The flamenco class

When I came to Spain, one of the things I was determined to do was to go to flamenco classes.

España (Spain)- Iberia Air Lines of Spain - Flamenco Dancers Art Print

Before I left Australia, my teacher recommended a school in Madrid called Casa Patas. Here’s their website. She also suggested that I join the lowest level class possible, to save my sanity (and to prevent making an absolute fool of myself, I’m guessing).

So, I sent them an email, and they replied, saying there were a few vacancies in the Thursday night beginner class. Yay!

The only problem was, I had left my shoes and skirt in Australia (despite the fact that my two bags were overpacked, I have still discovered that I left a whole lot of useful things at home), which necessitated a trip to one of the many flamenco dance stores to purchase some replacements yesterday. An hour later, and considerably poorer, I found myself the proud owner of a pair of bright red shoes (the only ones in my size- why are my feet so big?!) and a fishtail skirt, which the woman in the shop assured me was the latest fashion (although I do get the feeling that she may have just being trying to make a better sale).

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My pretty shoes

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My skirt is like this. I don’t look like this.

This afternoon, at 5:15p.m., flamenco attire at the ready, I headed to Casa Patas, and, in garbled Spanish, managed to explain that I wanted to attend a casual class. The only problem was, the receptionist didn’t tell me where the class actually was. So, I wandered around, peering into rooms, with no success. Eventually, I stumbled upon an electrician, fixing the lights, who took me back to the counter, and asked the receptionist where to go. The receptionist was very cross, which was a bit unfair, as it was her who hadn’t given good instructions in the first place! “She doesn’t speak any Spanish,” she growled at the electrician, then, turning to me, snapped “Follow him. He’s the teacher”, as she gestured at a man quickly walking past.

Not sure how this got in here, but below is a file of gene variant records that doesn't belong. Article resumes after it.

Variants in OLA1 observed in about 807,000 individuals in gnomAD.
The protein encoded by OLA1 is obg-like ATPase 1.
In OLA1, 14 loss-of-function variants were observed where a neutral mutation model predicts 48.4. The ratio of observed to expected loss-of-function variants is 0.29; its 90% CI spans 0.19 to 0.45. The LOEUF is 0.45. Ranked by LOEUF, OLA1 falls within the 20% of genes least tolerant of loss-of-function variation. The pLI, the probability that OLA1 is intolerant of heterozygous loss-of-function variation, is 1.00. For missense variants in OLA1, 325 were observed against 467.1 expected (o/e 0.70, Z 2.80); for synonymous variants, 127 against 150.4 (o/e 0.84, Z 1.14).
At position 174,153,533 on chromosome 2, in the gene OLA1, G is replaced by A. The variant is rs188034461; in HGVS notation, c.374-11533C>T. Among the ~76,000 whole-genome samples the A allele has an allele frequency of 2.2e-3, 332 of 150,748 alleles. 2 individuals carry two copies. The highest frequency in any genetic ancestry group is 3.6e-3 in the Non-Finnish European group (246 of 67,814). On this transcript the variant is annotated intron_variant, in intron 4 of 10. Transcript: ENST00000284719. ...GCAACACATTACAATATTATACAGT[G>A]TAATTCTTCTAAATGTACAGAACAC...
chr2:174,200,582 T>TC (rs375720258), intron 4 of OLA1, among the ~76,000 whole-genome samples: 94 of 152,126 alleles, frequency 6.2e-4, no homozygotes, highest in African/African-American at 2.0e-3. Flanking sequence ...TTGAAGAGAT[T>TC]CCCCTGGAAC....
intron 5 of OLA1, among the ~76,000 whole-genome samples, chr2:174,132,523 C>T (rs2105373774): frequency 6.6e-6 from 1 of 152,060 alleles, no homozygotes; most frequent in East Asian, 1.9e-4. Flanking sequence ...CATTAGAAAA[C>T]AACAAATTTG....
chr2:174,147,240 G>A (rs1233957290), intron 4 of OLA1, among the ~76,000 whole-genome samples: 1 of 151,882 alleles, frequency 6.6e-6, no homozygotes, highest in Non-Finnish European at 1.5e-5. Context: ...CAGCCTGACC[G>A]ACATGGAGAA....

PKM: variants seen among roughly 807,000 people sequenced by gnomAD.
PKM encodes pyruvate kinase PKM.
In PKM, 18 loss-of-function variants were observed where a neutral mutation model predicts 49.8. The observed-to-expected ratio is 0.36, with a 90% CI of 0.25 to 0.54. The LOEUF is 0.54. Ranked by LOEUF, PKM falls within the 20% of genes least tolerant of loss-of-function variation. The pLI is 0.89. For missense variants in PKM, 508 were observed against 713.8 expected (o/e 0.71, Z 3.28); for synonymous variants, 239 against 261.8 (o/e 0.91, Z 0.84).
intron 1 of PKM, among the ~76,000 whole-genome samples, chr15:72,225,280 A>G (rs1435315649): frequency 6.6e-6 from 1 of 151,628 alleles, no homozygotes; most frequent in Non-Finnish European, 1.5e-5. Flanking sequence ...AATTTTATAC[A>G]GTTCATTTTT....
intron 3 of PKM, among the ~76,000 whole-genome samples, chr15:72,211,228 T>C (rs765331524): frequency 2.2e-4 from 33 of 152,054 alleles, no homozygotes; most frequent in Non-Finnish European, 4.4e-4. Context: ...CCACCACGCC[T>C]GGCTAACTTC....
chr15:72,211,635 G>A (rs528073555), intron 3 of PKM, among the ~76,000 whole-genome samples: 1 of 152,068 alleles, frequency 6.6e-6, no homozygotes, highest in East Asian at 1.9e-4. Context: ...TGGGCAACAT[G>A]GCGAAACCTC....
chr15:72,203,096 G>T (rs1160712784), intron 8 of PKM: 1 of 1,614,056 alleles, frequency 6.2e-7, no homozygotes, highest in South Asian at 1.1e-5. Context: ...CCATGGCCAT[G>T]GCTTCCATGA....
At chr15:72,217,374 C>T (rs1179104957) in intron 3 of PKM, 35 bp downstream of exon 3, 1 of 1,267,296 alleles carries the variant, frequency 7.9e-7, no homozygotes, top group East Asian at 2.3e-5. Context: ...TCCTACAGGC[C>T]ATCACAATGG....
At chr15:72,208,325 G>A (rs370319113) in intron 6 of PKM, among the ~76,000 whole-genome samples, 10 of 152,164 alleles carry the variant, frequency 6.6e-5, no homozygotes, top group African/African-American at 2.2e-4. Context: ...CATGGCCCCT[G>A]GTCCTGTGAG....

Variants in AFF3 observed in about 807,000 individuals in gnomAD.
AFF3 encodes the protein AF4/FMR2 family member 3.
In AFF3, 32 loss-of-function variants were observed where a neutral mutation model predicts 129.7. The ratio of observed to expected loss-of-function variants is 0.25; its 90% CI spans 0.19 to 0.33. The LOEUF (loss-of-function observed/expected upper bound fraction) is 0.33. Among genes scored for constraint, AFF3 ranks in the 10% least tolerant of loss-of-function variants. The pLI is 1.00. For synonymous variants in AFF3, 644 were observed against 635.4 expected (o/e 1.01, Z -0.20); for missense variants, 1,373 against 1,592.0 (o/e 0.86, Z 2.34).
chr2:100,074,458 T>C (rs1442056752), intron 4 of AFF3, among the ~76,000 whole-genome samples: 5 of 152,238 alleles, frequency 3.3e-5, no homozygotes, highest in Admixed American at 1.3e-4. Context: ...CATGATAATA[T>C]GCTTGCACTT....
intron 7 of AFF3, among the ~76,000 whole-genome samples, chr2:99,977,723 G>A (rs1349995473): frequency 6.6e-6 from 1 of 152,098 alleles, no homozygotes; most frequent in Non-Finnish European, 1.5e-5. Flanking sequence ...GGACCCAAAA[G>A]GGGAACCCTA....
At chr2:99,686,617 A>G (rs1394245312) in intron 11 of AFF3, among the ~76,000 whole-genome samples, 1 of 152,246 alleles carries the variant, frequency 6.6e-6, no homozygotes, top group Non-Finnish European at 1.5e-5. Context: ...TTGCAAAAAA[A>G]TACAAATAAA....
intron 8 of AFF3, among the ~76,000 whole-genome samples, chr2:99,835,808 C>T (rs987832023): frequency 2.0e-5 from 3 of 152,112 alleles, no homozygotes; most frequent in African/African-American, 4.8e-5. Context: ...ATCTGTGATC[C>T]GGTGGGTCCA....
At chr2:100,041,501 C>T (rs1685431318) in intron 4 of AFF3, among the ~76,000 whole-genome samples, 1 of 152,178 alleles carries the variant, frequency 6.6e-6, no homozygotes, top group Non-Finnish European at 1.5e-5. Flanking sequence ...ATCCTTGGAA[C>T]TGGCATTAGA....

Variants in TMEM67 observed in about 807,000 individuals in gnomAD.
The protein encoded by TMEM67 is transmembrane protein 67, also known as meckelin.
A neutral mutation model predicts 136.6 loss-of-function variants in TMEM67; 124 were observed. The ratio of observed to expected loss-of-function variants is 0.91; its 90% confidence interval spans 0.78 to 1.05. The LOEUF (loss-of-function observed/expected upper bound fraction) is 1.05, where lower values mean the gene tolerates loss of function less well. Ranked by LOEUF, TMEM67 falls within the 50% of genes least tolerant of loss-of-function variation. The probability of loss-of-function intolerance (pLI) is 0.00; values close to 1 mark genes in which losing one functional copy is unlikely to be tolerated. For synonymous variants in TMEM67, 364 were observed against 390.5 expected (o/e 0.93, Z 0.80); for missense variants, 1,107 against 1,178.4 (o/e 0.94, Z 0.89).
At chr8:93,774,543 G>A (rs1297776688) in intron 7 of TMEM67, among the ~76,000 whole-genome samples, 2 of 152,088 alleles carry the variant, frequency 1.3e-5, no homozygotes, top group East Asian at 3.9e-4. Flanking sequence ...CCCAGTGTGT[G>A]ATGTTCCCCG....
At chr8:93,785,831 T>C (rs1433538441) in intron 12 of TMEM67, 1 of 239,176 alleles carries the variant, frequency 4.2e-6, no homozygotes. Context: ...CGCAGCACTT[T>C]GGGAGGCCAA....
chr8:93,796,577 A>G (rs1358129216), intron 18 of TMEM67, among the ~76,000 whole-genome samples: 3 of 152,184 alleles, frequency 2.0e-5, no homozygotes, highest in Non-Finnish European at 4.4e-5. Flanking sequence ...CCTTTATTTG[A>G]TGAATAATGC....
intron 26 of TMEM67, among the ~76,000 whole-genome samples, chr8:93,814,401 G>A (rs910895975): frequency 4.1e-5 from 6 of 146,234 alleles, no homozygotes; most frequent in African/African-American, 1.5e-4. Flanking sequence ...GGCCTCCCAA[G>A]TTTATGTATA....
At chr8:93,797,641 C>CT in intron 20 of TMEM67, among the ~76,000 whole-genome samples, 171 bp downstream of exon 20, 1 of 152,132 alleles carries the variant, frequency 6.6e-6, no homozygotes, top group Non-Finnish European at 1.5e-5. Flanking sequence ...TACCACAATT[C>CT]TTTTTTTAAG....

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This was the teacher. His name is José Antonio Jurado.

My quarry headed off, and, hot on his heels, I followed him. The only problem was, he wasn’t going to the class- he was going to the men’s toilet.

This left me loitering in a very unsavoury way outside, waiting for him to re-emerge.

At this stage, I was almost tempted to go home, but, well, being so stingy, and having paid my 16 Euros, that wasn’t going to happen. My humiliation has no price.

The before-class experience had been so awkward that the class itself was surprisingly uneventful. There were only 4 other students, two women my age, a girl of about 8, and a guy, and we were all about the same standard (pretty bad, in other words). And, by some sort of weird twist of fate, I was actually OVER-dressed- the other women were wearing leggings and T-shirts, the man and the teacher were both in trackpants, and I was the only one in flamenco gear.

For the first 45 minutes of the lesson, we did footwork and armwork, with the teacher somehow managing to:

  • stamp his feet;
  • move his arms;
  • click the fingers on his right hand;
  • count the beat aloud; and
  • watch us, all at the same time.

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The teacher again.

Given my total lack of co-ordination, I was very impressed by this.

For the last 15 minutes, he made up a little routine, and the guitarist for the advanced class (who had arrived a bit early) accompanied us, which was really nice.

I think I will go back again next week, although I don’t have any delusions about ever being able to dance like this:

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